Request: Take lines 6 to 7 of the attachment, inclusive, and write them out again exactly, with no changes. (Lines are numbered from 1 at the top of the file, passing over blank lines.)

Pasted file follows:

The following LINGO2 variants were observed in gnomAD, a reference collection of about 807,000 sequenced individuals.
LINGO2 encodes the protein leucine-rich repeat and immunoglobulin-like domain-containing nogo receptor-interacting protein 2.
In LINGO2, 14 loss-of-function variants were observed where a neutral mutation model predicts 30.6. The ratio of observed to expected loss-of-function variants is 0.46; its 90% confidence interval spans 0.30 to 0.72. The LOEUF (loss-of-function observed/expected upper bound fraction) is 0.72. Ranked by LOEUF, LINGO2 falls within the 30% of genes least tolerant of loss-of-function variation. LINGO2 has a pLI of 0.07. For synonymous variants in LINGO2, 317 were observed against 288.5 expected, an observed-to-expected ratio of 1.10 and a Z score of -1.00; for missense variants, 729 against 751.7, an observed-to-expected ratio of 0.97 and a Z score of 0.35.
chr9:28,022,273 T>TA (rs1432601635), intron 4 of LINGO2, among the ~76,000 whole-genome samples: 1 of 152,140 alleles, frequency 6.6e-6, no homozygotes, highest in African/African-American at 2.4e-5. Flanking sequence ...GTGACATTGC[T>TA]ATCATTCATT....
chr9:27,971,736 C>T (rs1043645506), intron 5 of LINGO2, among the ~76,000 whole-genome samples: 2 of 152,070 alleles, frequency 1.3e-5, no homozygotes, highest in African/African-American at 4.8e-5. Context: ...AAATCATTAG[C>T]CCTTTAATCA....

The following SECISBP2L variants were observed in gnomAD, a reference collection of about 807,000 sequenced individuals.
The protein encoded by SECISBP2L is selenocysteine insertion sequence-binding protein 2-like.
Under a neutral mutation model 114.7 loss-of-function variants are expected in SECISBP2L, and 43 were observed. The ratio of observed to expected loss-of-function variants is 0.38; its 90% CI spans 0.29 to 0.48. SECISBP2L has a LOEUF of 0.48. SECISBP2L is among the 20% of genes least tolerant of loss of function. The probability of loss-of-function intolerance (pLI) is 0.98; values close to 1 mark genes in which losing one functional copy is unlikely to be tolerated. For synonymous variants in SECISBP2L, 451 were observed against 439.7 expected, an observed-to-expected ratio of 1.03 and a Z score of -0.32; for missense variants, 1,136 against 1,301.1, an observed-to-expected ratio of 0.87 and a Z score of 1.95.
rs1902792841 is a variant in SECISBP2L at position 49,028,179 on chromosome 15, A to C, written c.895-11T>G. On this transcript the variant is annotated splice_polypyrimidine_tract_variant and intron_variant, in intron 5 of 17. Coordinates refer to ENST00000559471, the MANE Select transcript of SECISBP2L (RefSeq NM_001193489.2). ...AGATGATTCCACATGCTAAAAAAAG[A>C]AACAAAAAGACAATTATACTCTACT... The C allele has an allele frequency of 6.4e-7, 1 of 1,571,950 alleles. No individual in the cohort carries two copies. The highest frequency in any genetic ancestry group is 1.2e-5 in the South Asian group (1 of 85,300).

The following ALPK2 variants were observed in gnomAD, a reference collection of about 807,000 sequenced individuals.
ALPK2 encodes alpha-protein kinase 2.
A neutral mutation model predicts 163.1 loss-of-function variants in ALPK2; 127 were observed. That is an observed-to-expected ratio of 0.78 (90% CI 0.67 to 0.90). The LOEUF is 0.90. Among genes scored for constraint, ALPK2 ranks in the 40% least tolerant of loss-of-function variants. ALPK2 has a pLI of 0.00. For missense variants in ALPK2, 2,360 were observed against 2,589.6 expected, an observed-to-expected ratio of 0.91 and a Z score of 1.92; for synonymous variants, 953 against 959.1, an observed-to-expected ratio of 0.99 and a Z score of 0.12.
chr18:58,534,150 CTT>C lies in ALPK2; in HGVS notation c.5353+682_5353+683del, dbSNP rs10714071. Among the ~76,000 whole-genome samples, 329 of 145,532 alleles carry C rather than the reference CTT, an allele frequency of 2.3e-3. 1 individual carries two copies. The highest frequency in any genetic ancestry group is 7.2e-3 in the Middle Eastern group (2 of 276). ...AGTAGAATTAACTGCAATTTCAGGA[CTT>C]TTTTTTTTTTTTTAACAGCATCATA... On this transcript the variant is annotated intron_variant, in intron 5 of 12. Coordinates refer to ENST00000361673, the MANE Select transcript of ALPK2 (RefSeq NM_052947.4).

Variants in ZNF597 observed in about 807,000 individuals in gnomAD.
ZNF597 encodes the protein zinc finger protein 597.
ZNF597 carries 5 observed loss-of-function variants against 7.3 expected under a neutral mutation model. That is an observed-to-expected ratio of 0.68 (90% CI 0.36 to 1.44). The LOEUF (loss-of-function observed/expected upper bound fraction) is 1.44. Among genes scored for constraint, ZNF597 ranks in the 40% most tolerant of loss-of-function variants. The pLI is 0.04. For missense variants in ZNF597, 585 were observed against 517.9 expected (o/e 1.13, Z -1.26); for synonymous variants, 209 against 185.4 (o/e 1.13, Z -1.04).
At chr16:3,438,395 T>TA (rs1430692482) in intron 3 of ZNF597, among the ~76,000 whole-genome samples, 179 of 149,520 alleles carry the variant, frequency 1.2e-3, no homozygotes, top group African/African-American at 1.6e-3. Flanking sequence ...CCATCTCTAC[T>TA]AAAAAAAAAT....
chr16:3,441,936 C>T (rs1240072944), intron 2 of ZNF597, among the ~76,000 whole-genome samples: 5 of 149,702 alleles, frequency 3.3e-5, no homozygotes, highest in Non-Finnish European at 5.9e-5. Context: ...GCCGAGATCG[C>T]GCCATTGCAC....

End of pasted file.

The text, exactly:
The following SECISBP2L variants were observed in gnomAD, a reference collection of about 807,000 sequenced individuals.
The protein encoded by SECISBP2L is selenocysteine insertion sequence-binding protein 2-like.